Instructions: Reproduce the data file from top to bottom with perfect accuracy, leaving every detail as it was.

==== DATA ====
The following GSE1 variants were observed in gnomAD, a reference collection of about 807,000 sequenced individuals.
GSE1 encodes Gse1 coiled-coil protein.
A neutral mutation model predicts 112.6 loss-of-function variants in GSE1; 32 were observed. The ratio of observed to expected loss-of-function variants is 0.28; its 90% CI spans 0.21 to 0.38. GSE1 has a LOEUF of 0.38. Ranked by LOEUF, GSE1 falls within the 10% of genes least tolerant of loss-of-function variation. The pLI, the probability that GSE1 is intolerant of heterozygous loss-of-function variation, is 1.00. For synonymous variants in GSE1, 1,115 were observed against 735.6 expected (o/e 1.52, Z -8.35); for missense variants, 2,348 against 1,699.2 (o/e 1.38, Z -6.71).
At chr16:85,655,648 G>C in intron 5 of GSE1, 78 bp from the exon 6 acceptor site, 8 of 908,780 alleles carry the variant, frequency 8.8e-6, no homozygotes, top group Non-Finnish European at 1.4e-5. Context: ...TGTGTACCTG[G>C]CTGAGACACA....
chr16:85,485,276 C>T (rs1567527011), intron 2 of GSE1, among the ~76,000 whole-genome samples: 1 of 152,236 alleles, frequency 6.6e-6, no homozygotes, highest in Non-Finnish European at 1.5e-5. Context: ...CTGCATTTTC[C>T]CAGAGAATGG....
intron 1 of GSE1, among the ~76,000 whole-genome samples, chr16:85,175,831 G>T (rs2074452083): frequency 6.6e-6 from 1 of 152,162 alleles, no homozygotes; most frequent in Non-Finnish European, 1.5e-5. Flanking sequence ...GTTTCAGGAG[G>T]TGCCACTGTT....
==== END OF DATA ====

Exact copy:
The following GSE1 variants were observed in gnomAD, a reference collection of about 807,000 sequenced individuals.
GSE1 encodes Gse1 coiled-coil protein.
A neutral mutation model predicts 112.6 loss-of-function variants in GSE1; 32 were observed. The ratio of observed to expected loss-of-function variants is 0.28; its 90% CI spans 0.21 to 0.38. GSE1 has a LOEUF of 0.38. Ranked by LOEUF, GSE1 falls within the 10% of genes least tolerant of loss-of-function variation. The pLI, the probability that GSE1 is intolerant of heterozygous loss-of-function variation, is 1.00. For synonymous variants in GSE1, 1,115 were observed against 735.6 expected (o/e 1.52, Z -8.35); for missense variants, 2,348 against 1,699.2 (o/e 1.38, Z -6.71).
At chr16:85,655,648 G>C in intron 5 of GSE1, 78 bp from the exon 6 acceptor site, 8 of 908,780 alleles carry the variant, frequency 8.8e-6, no homozygotes, top group Non-Finnish European at 1.4e-5. Context: ...TGTGTACCTG[G>C]CTGAGACACA....
chr16:85,485,276 C>T (rs1567527011), intron 2 of GSE1, among the ~76,000 whole-genome samples: 1 of 152,236 alleles, frequency 6.6e-6, no homozygotes, highest in Non-Finnish European at 1.5e-5. Context: ...CTGCATTTTC[C>T]CAGAGAATGG....
intron 1 of GSE1, among the ~76,000 whole-genome samples, chr16:85,175,831 G>T (rs2074452083): frequency 6.6e-6 from 1 of 152,162 alleles, no homozygotes; most frequent in Non-Finnish European, 1.5e-5. Flanking sequence ...GTTTCAGGAG[G>T]TGCCACTGTT....